Police were on alert Thursday after 11 university campuses around the country received a total 12 envelopes containing a white substance that experts say is used in the production of industrial adhesives.
The Civil Protection Agency also warned post offices and universities against opening any package deemed suspicious.
All the envelopes were reportedly sent from Kerala in southern India and were labeled with the words “Islamic content” written in English.
They arrived in Greece Thursday and on Wednesday.
Each of the yellow envelopes also had a seal and four Indian stamps.
The investigation was initially undertaken by the police’s anti-terror department, while the envelopes were handled by an expert team of the fire department tasked with dealing with chemical and biological threats.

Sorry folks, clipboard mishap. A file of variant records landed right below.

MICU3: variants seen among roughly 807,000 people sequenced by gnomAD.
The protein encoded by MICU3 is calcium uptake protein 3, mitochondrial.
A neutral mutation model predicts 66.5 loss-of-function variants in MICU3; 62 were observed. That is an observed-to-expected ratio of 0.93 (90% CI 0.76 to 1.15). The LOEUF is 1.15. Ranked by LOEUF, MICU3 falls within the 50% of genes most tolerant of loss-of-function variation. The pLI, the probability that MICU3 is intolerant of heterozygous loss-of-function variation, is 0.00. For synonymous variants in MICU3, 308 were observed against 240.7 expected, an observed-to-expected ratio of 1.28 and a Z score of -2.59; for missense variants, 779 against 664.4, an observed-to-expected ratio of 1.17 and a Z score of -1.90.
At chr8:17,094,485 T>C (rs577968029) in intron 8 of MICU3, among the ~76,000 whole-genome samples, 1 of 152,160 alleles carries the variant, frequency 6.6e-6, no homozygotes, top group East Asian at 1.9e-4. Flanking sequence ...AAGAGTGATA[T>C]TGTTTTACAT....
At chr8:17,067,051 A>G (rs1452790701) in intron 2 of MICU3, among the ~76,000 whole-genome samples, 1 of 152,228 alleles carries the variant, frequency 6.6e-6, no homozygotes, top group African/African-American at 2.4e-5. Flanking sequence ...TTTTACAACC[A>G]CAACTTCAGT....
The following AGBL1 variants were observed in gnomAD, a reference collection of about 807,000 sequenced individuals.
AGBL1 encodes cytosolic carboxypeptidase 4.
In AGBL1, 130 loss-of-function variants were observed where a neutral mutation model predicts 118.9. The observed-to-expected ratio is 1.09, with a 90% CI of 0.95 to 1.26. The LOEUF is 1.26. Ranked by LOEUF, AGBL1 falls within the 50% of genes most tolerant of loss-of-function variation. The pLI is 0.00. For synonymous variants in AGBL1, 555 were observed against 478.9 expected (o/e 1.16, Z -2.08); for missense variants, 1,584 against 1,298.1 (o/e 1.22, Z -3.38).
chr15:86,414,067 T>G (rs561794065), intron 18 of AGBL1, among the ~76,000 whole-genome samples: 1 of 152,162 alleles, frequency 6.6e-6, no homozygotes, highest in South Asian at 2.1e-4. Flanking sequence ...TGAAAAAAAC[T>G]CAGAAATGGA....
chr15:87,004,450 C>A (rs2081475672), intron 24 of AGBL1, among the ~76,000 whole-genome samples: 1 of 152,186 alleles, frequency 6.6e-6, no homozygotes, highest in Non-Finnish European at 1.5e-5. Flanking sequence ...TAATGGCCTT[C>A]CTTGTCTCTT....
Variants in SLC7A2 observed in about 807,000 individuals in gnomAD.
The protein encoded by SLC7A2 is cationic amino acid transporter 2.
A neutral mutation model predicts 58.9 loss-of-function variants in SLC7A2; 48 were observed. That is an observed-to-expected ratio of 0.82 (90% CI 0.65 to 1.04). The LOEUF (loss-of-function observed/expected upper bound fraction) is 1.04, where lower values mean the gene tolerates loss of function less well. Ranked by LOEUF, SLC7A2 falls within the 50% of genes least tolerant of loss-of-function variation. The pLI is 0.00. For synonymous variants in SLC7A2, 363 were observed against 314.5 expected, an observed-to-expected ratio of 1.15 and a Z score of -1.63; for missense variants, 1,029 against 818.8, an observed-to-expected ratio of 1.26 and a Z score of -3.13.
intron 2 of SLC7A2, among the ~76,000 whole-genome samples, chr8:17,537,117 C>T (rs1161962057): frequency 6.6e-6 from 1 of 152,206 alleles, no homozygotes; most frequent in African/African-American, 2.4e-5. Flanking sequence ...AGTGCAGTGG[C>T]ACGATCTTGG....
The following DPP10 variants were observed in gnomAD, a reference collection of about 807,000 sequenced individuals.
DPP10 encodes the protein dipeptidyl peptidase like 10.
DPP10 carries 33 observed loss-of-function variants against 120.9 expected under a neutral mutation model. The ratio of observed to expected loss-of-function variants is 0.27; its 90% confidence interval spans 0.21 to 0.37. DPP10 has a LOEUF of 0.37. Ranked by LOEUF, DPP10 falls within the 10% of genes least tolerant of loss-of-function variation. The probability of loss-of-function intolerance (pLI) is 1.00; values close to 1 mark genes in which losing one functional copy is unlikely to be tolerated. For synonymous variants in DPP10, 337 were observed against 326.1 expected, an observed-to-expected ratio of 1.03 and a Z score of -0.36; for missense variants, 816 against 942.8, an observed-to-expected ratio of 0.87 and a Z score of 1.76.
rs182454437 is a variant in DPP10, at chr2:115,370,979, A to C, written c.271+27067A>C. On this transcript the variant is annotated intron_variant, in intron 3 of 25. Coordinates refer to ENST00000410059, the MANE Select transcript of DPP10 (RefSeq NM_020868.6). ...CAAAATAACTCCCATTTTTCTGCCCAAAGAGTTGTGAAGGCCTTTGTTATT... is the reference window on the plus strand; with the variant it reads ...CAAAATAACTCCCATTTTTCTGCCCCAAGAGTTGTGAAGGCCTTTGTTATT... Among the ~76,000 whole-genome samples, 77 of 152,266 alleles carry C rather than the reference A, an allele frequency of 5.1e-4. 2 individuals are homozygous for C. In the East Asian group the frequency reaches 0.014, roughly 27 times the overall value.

More than a dozen people – university and postal staff – received medical attention as a precaution but none, reportedly, suffered any health problems.
According to the results of a state lab examination, the powder was made of “irritants used in the production and improvement of adhesives and printing ink.”
The targeted campuses were in Athens, the islands of Crete, Lesvos, Cephalonia and Corfu, the northwestern town of Arta, Sparta in the Peloponnese and the central city of Volos.